Thermophysical models simulate the insolation and the consequent infrared emission from an asteroid surface. Direct measurements of emitted infrared fluxes therefore allows constraining the surface properties of asteroid. The total emitted infrared flux is contributed both by the rocks and regolith components. These materials have different thermal inertiae—the resistance of a material to change its temperature when perturbed by a heat input—and their abundance can vary according to the type and magnitude of processes occurring on the surface (e.g., thermal fatigue, micrometeoritic bombardment). Thermal inertiae, rock abundance and surface roughness play an important role in determining the orbital evolution of the asteroid (i.e., through the Yarkovsky effect) and are a proxy for understanding the processing occurring in the thermal skin depth. The listed properties are also instrumental to spacecraft design and operation planning. Thermal inertia defines the thermal environment in which a lander or a touch-and-go spacecraft has to operate; (macroscopic) surface roughness and rock abundance factor in the selection of landing sites from an hazard avoidance perspective; typical sampling mechanism (e.g., TAGSAM on the OSIRIS-REx mission) have stringent requirements for the maximum size of the regolith and therefore to the thermal inertia of this component.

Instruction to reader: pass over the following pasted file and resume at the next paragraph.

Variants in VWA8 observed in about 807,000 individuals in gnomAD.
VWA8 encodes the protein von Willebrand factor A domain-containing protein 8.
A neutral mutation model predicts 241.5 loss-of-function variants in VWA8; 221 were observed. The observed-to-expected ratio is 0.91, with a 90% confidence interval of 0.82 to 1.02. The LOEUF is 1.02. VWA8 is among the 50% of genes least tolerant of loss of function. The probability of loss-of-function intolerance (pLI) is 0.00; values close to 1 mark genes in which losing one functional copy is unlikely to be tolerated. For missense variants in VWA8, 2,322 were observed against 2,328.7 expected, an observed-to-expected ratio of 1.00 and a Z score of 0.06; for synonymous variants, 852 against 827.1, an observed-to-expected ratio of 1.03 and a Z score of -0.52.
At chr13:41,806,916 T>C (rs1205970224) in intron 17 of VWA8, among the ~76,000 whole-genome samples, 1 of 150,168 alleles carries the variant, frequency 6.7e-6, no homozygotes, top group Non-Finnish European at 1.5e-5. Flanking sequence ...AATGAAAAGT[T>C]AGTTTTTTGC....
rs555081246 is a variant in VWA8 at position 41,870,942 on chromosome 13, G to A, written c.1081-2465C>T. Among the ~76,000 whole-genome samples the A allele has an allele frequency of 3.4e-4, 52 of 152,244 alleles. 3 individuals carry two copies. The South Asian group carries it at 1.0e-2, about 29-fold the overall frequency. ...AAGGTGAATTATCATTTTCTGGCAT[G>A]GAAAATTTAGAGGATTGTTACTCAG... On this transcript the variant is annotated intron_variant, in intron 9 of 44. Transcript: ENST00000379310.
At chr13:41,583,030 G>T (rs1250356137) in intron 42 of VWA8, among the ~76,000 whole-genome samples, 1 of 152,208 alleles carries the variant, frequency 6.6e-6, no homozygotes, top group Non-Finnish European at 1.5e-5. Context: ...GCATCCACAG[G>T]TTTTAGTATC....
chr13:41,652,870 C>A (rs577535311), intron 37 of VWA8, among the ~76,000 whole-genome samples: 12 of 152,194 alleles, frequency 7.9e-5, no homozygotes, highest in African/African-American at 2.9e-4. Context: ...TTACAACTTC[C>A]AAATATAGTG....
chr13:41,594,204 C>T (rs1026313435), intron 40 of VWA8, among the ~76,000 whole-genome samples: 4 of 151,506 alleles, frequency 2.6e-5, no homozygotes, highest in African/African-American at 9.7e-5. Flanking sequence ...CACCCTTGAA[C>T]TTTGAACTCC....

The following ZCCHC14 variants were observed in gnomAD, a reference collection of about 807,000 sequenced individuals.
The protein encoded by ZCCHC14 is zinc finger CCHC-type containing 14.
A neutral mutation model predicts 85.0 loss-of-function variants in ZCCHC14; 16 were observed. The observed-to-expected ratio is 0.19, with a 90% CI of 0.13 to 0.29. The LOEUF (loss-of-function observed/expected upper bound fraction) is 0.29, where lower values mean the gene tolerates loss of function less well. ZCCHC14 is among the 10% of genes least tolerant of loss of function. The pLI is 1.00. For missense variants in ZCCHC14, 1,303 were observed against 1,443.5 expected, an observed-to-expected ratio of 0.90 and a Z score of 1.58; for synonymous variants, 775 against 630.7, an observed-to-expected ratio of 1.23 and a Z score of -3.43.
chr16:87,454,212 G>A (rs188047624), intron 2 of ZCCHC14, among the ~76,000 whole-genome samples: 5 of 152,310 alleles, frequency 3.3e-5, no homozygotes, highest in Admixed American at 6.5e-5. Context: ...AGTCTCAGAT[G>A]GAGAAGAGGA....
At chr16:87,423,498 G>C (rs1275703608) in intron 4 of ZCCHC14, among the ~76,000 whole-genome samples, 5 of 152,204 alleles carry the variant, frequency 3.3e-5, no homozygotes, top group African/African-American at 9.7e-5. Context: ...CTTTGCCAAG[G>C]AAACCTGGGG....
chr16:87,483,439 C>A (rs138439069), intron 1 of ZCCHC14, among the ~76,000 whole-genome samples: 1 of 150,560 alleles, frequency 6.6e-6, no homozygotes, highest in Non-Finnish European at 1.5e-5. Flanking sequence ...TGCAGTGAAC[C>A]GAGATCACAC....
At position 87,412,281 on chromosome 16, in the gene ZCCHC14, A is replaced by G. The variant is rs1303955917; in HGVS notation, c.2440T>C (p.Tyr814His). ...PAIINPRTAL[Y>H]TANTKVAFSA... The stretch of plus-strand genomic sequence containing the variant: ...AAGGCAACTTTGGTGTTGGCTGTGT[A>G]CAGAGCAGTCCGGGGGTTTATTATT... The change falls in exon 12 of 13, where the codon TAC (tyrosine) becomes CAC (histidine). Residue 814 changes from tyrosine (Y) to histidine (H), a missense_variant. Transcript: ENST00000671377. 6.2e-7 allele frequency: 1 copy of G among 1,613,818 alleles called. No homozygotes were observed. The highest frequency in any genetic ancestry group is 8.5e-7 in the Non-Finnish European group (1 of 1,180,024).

At OCA, my project consisted in creating a neural network representation of Dr. Delbo’s TPM code, trained on a (4-D) grid of simulations performed using the TPM code. The developed surrogate model predicts the infrared flux associated with an asteroid whose surface is modeled by means of 4 parameters: thermal inertia of the regolith, thermal inertia of the rock, rock abundance and surface roughness. Once validated, the surrogate model can be statistically inverted using Markov Chain Monte Carlo inversion methods. This new methodology has been proved to be able to constrain the properties of the surface of bodies such as asteroid (101955) Bennu—target of the OSIRIS-REx mission, for which we inverted simulated fluxes—and (25143) Itokawa, for which we successfully inverted observed ground-based infrared data (Cambioni et al. 2018, in preparation). Our research is particularly timely as both the NASA OSIRIS-REx mission and JAXA Hayabusa II mission will start soon their operations around the respective targets. In addition to the above, I also contacted other researchers involved in planetary formation studies, such as Dr. Alessandro Morbidelli and Dr. Paolo Tanga, and I had the opportunity to give a seminar about my research regarding machine learning application to characterize similar-sized collisional event (Cambioni et al. 2018, EPSC).